The Physics and Aesthetics of Light
Architect James Carpenter and physicist Sidney Nagel (University of Chicago, Department of Physics) investigate the physics and aesthetics of light.
Jamie Carpenter is a distinguished architectural designer based in New York City. His multi-disciplinary architectural design firm, James Carpenter Design Associates, is motivated by a deeply held agenda that seeks to merge ecological and aesthetic goals by exploring the natural world to manifest its material, structural and environmental beauty in the built environment. The work is a synthesis of creative ideas and technical expertise that straddles the fields of art, architecture and engineering, while forging creative implementations of innovative technologies. Light in transmission, reflection and refraction as it is perceived, is the work?s initial inspiration, which becomes a guiding principal in designing a complete architectural project. The result is architecture that reestablishes and enriches the individual?s relationship with light and other natural phenomena within the urban environment.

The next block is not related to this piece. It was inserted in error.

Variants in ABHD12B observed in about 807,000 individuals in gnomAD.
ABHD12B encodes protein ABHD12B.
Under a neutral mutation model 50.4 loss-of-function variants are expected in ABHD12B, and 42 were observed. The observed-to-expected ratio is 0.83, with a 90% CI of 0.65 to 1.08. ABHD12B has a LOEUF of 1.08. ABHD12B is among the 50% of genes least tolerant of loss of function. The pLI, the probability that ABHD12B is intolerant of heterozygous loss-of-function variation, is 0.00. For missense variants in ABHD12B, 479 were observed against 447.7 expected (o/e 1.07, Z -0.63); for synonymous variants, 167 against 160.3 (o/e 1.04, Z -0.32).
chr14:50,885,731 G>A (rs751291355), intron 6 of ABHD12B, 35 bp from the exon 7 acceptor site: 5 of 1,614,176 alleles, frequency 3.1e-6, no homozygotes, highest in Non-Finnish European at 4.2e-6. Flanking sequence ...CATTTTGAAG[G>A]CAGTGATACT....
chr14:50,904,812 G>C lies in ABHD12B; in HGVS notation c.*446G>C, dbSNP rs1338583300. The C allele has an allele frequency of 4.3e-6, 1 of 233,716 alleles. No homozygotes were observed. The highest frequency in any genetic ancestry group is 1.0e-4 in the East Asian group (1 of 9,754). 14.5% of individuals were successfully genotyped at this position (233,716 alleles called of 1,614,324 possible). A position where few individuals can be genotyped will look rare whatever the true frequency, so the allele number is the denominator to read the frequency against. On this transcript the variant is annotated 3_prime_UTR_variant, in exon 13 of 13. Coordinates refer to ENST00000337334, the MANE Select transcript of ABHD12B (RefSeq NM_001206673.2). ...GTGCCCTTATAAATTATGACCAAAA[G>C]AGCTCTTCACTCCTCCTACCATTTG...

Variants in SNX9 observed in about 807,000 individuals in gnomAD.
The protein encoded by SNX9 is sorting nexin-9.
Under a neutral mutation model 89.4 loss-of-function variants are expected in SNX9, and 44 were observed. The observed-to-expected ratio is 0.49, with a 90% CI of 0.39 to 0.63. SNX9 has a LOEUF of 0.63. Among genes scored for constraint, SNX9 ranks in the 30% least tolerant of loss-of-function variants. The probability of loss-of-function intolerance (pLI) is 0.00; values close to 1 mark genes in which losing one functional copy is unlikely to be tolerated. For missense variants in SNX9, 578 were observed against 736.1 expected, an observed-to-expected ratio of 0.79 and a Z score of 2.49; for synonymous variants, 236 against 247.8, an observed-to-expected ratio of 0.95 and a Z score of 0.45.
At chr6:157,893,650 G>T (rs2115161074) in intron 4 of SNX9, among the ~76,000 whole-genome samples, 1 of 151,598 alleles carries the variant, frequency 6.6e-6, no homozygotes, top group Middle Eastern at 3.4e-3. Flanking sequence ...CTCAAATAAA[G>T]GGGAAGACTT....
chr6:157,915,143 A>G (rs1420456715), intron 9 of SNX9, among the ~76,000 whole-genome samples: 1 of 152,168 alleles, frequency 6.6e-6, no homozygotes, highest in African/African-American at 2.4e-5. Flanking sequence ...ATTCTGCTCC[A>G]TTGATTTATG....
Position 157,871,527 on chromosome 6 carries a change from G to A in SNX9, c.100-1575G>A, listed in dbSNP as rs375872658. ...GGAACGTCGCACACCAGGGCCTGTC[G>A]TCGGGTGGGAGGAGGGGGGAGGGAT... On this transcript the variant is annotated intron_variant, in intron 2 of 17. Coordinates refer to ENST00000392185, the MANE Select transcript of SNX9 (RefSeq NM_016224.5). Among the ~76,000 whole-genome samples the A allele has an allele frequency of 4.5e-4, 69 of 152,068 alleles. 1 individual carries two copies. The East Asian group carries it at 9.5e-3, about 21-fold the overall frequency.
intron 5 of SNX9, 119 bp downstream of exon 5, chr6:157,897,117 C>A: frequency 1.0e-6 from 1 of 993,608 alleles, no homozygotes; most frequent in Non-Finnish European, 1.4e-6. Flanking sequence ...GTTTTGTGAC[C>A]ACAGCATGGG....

JCDA has been involved in many projects. Among them are: the façade of the new World Trade Center 7 Tower in Manhattan; the entry portal to the Olympic Stadium in Sydney, Australia; the renovation of the Israel Museum in Jerusalem; as well the new lighting and pathway design across the Midway on Ellis Avenue for the Chicago Park District at University of Chicago.
Mr. Carpenter is the recipient of numerous awards, including a MacArthur Foundation Fellowship in 2004, the National Environmental Design Award from the Smithsonian Institution, and the American Institute of Architects Honor Award.
Ph.D., Princeton, 1974, Stein-Freiler Distinguished Service Professor, Department of Physics, James Franck Institute, Enrico Fermi Institute, and the College. Sidney Nagel's work has drawn attention to phenomena that scientists have regarded as outside the realm of physics, such as the science of drops, granular materials and jamming. Another area of emphasis is his attempt to understand the properties of disordered materials. A perfect crystal of a chemical element or a compound is composed of an ordered arrangement of atoms, but in a disordered system-a glass, for example-the atoms are in disarray. Disordered systems also exist on a larger scale, as with the sand grains in a sand pile. Nagel's honors include election to the National Academy of Sciences in 2003 and the American Physical Society's Oliver Buckley Prize in 1999.